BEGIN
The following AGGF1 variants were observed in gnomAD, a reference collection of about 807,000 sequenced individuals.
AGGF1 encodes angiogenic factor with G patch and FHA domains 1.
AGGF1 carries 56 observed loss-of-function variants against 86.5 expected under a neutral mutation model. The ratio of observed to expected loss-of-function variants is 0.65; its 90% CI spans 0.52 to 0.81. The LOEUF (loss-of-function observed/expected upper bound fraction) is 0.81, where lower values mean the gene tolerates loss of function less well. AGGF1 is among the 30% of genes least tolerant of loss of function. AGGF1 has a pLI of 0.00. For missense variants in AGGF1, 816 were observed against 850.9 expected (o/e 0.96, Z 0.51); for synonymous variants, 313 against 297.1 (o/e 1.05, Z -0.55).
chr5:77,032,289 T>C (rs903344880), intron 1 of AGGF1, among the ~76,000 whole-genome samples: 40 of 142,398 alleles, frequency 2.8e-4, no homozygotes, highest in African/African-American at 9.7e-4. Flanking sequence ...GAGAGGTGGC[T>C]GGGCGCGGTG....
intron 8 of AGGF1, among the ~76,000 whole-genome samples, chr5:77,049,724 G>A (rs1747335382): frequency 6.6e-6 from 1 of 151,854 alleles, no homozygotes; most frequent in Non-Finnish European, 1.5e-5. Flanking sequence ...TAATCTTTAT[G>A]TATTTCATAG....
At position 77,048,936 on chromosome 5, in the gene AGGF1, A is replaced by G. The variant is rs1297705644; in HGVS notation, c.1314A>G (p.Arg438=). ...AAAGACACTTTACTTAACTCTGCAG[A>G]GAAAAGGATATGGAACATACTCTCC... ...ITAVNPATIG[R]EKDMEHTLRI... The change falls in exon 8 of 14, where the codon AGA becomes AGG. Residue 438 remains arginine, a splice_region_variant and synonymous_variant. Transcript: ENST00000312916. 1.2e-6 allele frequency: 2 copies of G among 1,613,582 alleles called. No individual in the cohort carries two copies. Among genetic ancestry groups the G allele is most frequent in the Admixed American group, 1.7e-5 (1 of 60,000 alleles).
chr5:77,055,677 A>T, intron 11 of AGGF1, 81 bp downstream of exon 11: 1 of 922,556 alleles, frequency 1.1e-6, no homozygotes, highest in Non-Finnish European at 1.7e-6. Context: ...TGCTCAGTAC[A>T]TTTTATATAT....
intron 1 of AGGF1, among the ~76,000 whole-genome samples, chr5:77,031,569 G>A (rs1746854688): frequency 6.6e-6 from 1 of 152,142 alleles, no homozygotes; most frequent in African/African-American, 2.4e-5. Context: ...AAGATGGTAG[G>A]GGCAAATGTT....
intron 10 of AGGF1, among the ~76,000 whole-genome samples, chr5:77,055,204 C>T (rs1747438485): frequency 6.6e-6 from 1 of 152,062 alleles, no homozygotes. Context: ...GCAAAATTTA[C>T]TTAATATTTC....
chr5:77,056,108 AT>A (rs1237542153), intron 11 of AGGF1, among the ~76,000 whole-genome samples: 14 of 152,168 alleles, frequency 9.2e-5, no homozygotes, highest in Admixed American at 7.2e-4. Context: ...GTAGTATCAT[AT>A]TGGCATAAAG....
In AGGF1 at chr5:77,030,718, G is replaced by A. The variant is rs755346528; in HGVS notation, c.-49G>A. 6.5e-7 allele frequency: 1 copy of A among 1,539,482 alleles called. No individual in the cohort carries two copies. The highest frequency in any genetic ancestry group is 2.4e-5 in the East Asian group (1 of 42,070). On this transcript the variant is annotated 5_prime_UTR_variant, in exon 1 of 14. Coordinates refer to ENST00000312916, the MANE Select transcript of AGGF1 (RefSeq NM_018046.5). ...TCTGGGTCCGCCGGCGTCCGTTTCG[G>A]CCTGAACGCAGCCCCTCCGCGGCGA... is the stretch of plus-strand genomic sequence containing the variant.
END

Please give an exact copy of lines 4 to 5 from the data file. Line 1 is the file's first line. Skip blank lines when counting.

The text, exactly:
chr5:77,032,289 T>C (rs903344880), intron 1 of AGGF1, among the ~76,000 whole-genome samples: 40 of 142,398 alleles, frequency 2.8e-4, no homozygotes, highest in African/African-American at 9.7e-4. Flanking sequence ...GAGAGGTGGC[T>C]GGGCGCGGTG....
intron 8 of AGGF1, among the ~76,000 whole-genome samples, chr5:77,049,724 G>A (rs1747335382): frequency 6.6e-6 from 1 of 151,854 alleles, no homozygotes; most frequent in Non-Finnish European, 1.5e-5. Flanking sequence ...TAATCTTTAT[G>A]TATTTCATAG....